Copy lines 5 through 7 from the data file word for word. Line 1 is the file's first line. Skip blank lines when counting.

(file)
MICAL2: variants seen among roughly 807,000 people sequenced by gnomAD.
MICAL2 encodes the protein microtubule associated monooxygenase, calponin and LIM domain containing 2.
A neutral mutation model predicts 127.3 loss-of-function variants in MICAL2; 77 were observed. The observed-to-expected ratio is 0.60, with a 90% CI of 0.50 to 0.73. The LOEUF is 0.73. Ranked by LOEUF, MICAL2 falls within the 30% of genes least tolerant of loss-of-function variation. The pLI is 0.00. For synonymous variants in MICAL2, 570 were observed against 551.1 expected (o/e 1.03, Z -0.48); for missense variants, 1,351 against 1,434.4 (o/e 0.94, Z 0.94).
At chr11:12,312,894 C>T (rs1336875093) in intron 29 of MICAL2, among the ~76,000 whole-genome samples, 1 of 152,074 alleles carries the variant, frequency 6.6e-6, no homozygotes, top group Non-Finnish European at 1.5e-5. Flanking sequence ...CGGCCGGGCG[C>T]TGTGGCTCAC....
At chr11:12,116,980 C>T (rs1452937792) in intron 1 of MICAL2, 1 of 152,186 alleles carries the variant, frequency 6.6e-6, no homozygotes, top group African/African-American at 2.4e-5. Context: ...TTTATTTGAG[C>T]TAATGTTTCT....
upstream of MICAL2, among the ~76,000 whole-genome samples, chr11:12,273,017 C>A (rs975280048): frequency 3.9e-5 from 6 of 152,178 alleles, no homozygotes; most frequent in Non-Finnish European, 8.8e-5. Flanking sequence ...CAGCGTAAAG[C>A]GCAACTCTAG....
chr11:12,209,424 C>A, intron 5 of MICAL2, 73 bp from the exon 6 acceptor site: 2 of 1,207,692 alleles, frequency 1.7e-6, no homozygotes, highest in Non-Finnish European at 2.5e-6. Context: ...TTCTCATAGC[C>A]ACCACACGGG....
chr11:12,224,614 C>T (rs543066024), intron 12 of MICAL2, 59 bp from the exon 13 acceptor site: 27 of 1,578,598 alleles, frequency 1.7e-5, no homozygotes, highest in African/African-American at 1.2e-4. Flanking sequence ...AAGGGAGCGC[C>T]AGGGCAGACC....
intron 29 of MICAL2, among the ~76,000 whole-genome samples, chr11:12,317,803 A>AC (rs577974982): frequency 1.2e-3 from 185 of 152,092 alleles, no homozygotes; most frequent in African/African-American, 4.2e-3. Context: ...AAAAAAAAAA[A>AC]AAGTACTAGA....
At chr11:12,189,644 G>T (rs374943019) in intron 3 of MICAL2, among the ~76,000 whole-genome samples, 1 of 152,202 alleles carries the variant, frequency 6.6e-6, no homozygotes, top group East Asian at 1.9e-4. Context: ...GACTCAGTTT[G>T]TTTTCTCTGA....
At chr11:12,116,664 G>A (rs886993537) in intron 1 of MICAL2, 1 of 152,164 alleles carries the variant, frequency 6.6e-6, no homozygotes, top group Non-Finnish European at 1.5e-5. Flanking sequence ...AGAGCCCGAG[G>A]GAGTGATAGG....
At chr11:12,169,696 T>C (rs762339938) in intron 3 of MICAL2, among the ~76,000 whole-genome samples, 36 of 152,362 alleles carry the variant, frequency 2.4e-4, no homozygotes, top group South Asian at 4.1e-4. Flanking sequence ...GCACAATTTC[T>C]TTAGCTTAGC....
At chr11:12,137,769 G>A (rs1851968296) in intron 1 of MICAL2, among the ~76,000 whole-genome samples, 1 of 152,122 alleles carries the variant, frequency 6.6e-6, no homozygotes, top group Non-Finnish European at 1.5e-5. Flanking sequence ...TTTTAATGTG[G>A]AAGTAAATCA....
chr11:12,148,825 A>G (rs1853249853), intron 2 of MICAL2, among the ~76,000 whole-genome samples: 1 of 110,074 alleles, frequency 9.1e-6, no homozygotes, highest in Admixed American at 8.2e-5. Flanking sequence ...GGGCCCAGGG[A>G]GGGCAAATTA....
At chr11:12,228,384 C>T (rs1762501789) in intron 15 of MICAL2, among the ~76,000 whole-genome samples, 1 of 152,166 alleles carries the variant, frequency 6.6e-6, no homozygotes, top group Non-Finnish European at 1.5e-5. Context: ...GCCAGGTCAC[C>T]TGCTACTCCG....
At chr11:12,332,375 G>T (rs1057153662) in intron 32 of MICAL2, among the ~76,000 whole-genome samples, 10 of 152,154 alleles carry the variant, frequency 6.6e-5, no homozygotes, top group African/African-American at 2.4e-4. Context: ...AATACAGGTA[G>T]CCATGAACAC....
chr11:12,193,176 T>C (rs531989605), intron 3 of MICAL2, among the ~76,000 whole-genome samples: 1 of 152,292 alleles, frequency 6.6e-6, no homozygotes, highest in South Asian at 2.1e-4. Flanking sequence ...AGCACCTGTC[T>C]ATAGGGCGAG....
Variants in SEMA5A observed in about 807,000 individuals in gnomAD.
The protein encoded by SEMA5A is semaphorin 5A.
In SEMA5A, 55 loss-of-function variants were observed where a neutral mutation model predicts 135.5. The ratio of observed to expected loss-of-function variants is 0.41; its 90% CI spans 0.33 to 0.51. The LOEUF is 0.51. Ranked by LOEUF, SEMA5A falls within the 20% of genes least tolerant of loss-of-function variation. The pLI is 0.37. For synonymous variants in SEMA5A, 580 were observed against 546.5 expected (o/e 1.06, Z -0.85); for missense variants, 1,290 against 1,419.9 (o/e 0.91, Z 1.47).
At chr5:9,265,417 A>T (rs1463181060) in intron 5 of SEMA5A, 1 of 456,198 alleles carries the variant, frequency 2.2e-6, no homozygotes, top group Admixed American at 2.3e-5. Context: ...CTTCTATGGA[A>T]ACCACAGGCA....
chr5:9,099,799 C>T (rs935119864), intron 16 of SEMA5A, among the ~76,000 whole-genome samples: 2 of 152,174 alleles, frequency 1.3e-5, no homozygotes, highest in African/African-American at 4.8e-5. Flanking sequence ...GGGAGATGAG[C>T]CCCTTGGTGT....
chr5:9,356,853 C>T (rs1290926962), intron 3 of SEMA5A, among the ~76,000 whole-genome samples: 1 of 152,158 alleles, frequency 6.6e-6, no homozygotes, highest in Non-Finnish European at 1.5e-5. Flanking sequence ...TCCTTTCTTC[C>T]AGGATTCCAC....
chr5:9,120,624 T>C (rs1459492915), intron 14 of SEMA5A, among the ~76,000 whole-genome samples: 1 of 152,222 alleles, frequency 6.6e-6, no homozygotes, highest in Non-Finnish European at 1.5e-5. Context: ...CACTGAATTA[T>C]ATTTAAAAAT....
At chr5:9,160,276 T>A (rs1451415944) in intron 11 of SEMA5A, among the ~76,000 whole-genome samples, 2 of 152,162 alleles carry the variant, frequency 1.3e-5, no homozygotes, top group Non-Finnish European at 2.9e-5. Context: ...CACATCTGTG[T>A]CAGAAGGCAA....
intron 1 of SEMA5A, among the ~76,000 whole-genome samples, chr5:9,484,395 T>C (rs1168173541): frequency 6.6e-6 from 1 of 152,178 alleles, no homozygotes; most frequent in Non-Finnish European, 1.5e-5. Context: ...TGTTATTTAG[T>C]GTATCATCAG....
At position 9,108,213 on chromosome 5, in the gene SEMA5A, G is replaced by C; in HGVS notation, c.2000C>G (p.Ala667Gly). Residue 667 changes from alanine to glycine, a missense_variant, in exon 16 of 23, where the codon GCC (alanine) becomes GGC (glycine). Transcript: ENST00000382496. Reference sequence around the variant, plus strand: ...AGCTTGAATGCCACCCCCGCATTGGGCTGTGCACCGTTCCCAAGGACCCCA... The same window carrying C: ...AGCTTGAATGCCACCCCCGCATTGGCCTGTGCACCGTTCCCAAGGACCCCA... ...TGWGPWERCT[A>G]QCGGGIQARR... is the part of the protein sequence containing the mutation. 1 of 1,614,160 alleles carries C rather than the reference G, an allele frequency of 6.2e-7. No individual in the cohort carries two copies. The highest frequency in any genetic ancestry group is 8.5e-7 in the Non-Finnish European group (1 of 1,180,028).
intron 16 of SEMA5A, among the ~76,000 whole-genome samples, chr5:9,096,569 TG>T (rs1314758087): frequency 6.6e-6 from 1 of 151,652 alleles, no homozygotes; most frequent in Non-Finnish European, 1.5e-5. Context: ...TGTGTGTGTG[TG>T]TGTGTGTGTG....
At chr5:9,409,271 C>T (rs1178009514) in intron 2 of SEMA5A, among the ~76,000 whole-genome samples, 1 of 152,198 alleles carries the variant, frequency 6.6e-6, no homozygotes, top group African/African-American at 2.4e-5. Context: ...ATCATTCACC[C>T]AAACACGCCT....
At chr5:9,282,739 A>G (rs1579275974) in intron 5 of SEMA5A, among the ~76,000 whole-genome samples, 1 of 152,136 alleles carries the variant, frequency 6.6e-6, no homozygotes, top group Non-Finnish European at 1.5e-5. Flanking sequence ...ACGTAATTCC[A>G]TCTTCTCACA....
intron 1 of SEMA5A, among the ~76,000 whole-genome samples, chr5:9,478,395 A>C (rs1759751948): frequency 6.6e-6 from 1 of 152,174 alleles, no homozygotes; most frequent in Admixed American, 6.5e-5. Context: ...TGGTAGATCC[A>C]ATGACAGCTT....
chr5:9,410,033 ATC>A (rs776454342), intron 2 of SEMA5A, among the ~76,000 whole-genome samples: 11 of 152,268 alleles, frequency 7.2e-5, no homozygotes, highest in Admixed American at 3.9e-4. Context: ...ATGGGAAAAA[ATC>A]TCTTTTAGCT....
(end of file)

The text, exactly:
At chr11:12,116,980 C>T (rs1452937792) in intron 1 of MICAL2, 1 of 152,186 alleles carries the variant, frequency 6.6e-6, no homozygotes, top group African/African-American at 2.4e-5. Context: ...TTTATTTGAG[C>T]TAATGTTTCT....
upstream of MICAL2, among the ~76,000 whole-genome samples, chr11:12,273,017 C>A (rs975280048): frequency 3.9e-5 from 6 of 152,178 alleles, no homozygotes; most frequent in Non-Finnish European, 8.8e-5. Flanking sequence ...CAGCGTAAAG[C>A]GCAACTCTAG....
chr11:12,209,424 C>A, intron 5 of MICAL2, 73 bp from the exon 6 acceptor site: 2 of 1,207,692 alleles, frequency 1.7e-6, no homozygotes, highest in Non-Finnish European at 2.5e-6. Context: ...TTCTCATAGC[C>A]ACCACACGGG....